by Rachel Nichols
Autism lives here and it has always lived here, long before we knew it. It lived here when my son was a baby and refused to eat. It lived here when he would cry when other kids at daycare would try to play with him. And it lived here when he would hit the same button on a toy repeatedly for hours.
Autism will always live here and that is OK. Autism can be beautiful. As an observer, we get glimpses into a world different from our own. Some of the quirks are fascinating and amusing. However, it can also be ugly.
Spencer’s primary diagnosis is Say Barber Biesecker Syndrome. SBBS is a rare genetic syndrome that causes a variety of developmental and physical disabilities. His father and I realized early on that there was something else going on beside his syndrome and we expressed our concerns to our geneticist, who reassured us that SBBS characteristics mimic those of autism. But we weren’t convinced.
Spencer was a well-behaved child. While he would have “melt downs,” they were usually predictable, and strategies to help him regulate, if he did have an appropriate one, worked well. If he would start stimming in a way that he could hurt himself, like hitting his head against the back of his wheelchair, we could redirect him and that usually worked.
During a difficult hospital stay, we were referred to a psychologist to discuss some of the self-harming aspects of his behavior. After some testing, he was diagnosed with Autism at the age of three. We concluded that we were doing all the interventions he needed at that time, so we just carried on as usual.
The realization that Spencer was developing behavioral issues came slowly. He started head butting us, sometimes for no reason. He was constantly anxious and irritable, and his meltdowns were becoming more frequent and less predictable. The moment I fully realized that we were in over our heads was when he got upset while I was carrying him and he started hitting me and thrashing around, so severely that I accidentally dropped him. I called the psychologist the next morning asking for help.
The psychologist referred us to a psychiatrist in the same practice, mainly to be on that doctor’s radar. Our psychologist agreed with our philosophy of not medicating Spencer unless he became dangerous to himself or others. Upon meeting with her, she suggested a few things to try and agreed that medication wasn’t absolutely needed at that time.
Choosing to Medicate
Spencer started Kindergarten shortly after that appointment and did very well. He thrived on the structure that school provided, and most days that mood carried over to home. Weekends, especially Sundays, were troublesome because of being unable to replicate the school’s structure. Then summer break started and we started having more bad days than good days. He would constantly scream, cry, and hit us.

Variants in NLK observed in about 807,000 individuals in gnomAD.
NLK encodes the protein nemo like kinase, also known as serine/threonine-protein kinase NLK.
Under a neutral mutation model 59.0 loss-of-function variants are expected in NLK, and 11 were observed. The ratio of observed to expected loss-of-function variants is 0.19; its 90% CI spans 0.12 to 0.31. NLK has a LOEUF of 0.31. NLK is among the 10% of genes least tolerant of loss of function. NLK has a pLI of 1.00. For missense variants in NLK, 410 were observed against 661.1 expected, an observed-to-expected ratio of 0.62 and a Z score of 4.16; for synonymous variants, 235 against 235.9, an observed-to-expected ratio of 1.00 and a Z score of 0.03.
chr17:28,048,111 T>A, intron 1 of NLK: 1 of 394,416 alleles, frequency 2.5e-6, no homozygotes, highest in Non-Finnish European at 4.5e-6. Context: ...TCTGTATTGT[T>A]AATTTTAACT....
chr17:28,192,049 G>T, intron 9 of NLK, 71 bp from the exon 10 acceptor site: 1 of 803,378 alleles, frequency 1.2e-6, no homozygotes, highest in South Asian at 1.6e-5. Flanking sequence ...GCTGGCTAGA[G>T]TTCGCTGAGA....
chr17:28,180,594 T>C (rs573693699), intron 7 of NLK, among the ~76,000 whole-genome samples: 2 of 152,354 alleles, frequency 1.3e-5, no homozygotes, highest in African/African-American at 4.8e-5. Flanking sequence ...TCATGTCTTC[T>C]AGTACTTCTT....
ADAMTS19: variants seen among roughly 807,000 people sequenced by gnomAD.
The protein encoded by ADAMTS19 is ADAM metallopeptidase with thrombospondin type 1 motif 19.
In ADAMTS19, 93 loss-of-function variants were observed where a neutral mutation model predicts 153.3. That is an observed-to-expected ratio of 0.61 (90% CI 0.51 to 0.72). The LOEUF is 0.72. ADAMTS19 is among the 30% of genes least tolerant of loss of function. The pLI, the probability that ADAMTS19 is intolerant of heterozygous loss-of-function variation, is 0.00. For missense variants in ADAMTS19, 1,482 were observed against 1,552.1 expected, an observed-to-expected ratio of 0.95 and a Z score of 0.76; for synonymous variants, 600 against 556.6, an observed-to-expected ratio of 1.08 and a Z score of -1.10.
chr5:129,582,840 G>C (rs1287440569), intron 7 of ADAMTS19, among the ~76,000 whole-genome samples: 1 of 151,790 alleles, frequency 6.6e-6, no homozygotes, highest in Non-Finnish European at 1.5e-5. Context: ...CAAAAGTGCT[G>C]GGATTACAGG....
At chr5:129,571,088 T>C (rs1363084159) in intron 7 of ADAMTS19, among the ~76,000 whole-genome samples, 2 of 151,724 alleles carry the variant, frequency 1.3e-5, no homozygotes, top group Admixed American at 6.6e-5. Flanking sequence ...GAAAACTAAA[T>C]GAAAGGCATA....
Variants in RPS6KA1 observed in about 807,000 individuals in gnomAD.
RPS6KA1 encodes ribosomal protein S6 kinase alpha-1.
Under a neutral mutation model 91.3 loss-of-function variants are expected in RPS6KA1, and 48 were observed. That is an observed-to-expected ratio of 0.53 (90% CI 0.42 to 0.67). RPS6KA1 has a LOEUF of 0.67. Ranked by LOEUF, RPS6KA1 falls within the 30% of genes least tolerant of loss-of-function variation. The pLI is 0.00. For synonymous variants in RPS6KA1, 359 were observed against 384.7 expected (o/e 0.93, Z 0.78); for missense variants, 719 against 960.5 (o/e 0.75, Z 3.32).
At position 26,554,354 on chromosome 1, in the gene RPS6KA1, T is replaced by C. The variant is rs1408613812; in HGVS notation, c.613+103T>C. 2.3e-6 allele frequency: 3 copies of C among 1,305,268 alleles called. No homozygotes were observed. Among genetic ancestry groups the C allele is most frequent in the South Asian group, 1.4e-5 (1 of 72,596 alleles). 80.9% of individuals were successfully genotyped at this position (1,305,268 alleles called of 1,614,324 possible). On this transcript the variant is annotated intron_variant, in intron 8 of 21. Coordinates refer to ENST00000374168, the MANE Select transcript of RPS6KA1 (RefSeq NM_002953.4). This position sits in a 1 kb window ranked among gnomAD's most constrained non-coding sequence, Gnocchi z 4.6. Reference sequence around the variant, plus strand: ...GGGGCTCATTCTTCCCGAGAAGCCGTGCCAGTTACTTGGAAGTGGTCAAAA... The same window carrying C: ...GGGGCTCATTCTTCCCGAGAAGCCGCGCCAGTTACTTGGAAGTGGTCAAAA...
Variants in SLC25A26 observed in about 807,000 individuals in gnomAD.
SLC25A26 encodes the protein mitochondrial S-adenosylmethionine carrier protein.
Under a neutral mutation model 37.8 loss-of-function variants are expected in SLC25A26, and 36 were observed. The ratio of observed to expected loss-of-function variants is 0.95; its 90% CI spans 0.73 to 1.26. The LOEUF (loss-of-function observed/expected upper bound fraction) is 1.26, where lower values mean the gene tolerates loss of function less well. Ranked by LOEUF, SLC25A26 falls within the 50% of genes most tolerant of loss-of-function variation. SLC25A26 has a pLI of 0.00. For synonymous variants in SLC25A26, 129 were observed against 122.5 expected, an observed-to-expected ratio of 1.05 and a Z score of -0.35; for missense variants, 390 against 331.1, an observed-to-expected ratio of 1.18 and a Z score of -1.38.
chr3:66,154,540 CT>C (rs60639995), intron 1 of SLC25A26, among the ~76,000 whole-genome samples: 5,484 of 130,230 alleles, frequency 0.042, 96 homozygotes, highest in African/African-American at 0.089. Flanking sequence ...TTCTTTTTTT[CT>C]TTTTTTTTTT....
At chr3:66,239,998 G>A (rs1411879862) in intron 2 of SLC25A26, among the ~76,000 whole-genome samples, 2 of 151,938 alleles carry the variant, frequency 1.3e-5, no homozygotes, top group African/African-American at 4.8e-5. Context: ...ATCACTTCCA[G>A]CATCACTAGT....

It got to the point where he would yell and I would clench up because I knew he was going to throw a toy as hard as he could on our hardwood floor. When something set him off, it’s like he went into this Hulk-Smash mode and nothing in his path was safe, including his siblings and us. None of the strategies that helped in the past made a difference, and his behavior was no longer predictable. It got to a point where I no longer recognized him and longed for the child he once was.
We met with his psychologist at the end of summer break and she brought up medication. I was still hesitant about medication and we agreed that we would see if things improved with school starting back. While his behavior was mostly good at school, the second I picked him up the screaming started. We had a follow-up with both his doctors a few weeks after school started. She wrote him a prescription for Tenex, a medication commonly used to treat ADHD, which can be beneficial in treating the behavioral aspects of autism.
It took me a week to give him the first pill. I discussed the medicine with other parents of children with special needs, his teachers, and his therapists. His ABA therapist said, “It’s like he’s uncomfortable in his own skin.” While his father and I had been resistant to medication because we were afraid that it would change who he was, we finally realized that not medicating him was turning him into someone else.
Finding the Right Medication
While Tenex is a great medicine that works well for a lot of people, it did not work for Spencer. His focus was better, but after a few weeks of being on it, his aggression and irritability became nearly unbearable. We were a week away from his next psychiatry appointment when Spencer became dangerous. He grabbed his baby brother by the shoulders and started slamming the back of his head against the wall. Luckily, I was just feet away, but in just a few seconds he slammed his brother’s head four times. I had to tear Spencer off him. While his brother was fine, had I not been right there he could have been severely hurt or worse. I called his doctor who told us to stop the Tenex and we would look at other options at his upcoming appointment.
I researched Risperdal before his appointment. We had a psychology appointment a few days before seeing the psychiatrist, and the doctor agreed it was a good option for Spencer and she had seen several children do well on it. I again sought out the advice of other parents and his therapists. His psychologist also thought it was a good idea and the logical next step.
We’re about six weeks in on his new medication. While things aren’t perfect and we’re still figuring out dosages and such, we’re having fewer and fewer bad days. After a couple weeks I thought, “I have my baby back. I missed him.”
Autism still lives here and always will. No medication will ever change that, and that’s okay. Autism is still beautiful and isn’t something that needs fixing.